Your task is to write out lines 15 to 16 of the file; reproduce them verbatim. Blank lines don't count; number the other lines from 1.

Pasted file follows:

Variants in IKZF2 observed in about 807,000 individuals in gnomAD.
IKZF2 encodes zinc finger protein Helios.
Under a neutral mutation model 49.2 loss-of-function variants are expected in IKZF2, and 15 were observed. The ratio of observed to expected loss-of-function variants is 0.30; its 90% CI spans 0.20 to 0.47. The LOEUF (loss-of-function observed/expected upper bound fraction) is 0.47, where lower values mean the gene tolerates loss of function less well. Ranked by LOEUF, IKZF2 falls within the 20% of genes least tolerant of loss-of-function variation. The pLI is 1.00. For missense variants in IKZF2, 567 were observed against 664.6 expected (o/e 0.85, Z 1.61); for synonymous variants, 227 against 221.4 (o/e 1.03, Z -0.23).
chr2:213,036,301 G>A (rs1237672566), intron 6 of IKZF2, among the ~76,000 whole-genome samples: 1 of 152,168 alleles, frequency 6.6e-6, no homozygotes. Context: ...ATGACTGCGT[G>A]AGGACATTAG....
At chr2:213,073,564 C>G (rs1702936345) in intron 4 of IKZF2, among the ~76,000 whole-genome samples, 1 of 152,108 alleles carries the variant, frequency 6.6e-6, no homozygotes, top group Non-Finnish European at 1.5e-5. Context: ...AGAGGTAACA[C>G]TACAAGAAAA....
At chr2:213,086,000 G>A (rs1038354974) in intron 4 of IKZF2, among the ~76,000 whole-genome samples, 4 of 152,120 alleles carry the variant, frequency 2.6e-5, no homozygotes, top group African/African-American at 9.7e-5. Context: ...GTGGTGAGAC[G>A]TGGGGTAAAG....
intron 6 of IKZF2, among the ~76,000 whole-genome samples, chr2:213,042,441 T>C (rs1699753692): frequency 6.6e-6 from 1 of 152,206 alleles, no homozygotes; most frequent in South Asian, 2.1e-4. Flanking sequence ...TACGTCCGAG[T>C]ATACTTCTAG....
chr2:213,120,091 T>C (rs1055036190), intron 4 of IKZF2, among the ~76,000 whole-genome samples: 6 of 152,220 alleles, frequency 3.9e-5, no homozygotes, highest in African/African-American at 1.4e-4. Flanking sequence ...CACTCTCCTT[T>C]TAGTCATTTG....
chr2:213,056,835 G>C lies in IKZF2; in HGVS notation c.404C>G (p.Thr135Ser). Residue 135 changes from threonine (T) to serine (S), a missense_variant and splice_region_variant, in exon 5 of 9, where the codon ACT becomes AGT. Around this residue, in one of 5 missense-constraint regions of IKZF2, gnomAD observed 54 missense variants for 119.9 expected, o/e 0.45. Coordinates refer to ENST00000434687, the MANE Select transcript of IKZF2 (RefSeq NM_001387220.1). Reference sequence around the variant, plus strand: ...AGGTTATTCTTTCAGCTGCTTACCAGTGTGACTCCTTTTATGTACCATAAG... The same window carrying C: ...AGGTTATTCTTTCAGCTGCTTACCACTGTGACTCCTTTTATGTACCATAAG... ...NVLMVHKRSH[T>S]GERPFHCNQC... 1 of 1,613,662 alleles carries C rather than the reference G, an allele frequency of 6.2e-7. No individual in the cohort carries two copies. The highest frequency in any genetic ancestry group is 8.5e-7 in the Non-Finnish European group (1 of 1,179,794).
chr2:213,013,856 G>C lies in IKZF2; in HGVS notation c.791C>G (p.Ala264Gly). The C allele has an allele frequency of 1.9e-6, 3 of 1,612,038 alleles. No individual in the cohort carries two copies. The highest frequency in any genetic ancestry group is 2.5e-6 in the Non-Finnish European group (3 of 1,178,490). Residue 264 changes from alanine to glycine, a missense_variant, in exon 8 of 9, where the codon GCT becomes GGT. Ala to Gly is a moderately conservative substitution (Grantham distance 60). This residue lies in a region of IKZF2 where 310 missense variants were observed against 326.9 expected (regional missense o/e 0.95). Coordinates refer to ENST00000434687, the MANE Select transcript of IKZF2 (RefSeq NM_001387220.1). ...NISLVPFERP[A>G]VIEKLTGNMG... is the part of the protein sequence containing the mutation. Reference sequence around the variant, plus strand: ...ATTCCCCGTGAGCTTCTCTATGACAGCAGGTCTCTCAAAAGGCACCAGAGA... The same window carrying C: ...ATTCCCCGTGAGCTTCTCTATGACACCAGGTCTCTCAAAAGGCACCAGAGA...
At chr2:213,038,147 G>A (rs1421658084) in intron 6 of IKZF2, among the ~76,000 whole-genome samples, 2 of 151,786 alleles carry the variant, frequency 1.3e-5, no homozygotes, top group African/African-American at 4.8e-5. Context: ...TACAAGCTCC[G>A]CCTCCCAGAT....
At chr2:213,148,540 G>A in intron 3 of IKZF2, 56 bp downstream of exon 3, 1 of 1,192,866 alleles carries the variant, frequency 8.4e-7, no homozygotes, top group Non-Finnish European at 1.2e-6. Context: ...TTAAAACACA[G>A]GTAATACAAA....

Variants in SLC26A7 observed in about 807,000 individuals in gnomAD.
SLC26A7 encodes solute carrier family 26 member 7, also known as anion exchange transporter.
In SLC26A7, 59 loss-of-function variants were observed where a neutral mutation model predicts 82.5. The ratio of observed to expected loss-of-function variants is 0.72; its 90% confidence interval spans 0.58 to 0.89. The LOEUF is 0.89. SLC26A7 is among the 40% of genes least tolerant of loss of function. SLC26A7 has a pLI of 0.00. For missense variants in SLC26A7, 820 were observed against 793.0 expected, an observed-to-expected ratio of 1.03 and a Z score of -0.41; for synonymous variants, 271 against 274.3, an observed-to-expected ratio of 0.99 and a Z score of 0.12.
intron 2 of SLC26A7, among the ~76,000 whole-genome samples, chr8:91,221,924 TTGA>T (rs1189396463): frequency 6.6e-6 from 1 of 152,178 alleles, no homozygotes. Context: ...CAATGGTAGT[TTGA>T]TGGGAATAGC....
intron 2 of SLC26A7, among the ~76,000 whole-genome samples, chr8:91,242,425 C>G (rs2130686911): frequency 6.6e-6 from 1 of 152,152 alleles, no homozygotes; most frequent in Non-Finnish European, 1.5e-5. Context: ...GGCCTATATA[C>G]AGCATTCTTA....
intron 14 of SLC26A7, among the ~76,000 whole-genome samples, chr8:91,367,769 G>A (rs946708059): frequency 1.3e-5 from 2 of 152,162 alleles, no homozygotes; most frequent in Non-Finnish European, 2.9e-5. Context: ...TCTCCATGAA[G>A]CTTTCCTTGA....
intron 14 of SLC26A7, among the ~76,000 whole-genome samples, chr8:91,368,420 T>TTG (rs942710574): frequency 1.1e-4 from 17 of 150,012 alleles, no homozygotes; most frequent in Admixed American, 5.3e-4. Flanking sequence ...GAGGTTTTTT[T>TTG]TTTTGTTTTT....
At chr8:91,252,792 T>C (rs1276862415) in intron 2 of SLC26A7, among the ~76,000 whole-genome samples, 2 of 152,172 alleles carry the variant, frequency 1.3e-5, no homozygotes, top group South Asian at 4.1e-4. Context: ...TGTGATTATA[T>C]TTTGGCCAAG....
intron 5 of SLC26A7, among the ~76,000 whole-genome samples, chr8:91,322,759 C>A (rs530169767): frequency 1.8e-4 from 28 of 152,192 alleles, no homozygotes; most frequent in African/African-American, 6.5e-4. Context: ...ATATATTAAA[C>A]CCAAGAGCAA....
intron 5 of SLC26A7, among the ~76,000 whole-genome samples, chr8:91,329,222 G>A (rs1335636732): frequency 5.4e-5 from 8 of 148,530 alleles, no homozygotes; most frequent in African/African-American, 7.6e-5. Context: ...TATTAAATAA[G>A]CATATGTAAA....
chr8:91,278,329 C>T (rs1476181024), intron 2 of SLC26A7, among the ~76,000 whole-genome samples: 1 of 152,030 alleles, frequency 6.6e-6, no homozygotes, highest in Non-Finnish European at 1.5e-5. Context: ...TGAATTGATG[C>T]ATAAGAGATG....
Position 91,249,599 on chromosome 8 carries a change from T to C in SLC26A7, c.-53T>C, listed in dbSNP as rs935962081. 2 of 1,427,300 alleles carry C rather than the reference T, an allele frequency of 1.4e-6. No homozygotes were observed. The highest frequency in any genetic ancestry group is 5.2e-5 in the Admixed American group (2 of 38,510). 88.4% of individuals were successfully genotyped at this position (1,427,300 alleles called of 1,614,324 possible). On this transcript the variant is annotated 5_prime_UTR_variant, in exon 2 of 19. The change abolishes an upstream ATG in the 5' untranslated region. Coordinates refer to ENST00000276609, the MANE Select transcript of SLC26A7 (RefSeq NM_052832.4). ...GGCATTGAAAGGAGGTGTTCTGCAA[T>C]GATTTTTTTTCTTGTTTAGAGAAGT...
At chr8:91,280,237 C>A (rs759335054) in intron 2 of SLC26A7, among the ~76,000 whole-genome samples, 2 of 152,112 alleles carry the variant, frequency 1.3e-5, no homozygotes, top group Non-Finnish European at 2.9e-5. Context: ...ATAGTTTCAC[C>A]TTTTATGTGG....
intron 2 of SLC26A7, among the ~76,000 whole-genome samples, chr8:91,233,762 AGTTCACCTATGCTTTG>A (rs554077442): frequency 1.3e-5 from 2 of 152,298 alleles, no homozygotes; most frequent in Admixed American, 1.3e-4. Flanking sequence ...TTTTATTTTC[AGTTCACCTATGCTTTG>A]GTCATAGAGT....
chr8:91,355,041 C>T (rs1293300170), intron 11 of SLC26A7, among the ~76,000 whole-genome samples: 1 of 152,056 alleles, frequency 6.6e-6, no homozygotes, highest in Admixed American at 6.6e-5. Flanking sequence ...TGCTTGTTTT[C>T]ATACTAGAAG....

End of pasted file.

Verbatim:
In SLC26A7, 59 loss-of-function variants were observed where a neutral mutation model predicts 82.5. The ratio of observed to expected loss-of-function variants is 0.72; its 90% confidence interval spans 0.58 to 0.89. The LOEUF is 0.89. SLC26A7 is among the 40% of genes least tolerant of loss of function. SLC26A7 has a pLI of 0.00. For missense variants in SLC26A7, 820 were observed against 793.0 expected, an observed-to-expected ratio of 1.03 and a Z score of -0.41; for synonymous variants, 271 against 274.3, an observed-to-expected ratio of 0.99 and a Z score of 0.12.
intron 2 of SLC26A7, among the ~76,000 whole-genome samples, chr8:91,221,924 TTGA>T (rs1189396463): frequency 6.6e-6 from 1 of 152,178 alleles, no homozygotes. Context: ...CAATGGTAGT[TTGA>T]TGGGAATAGC....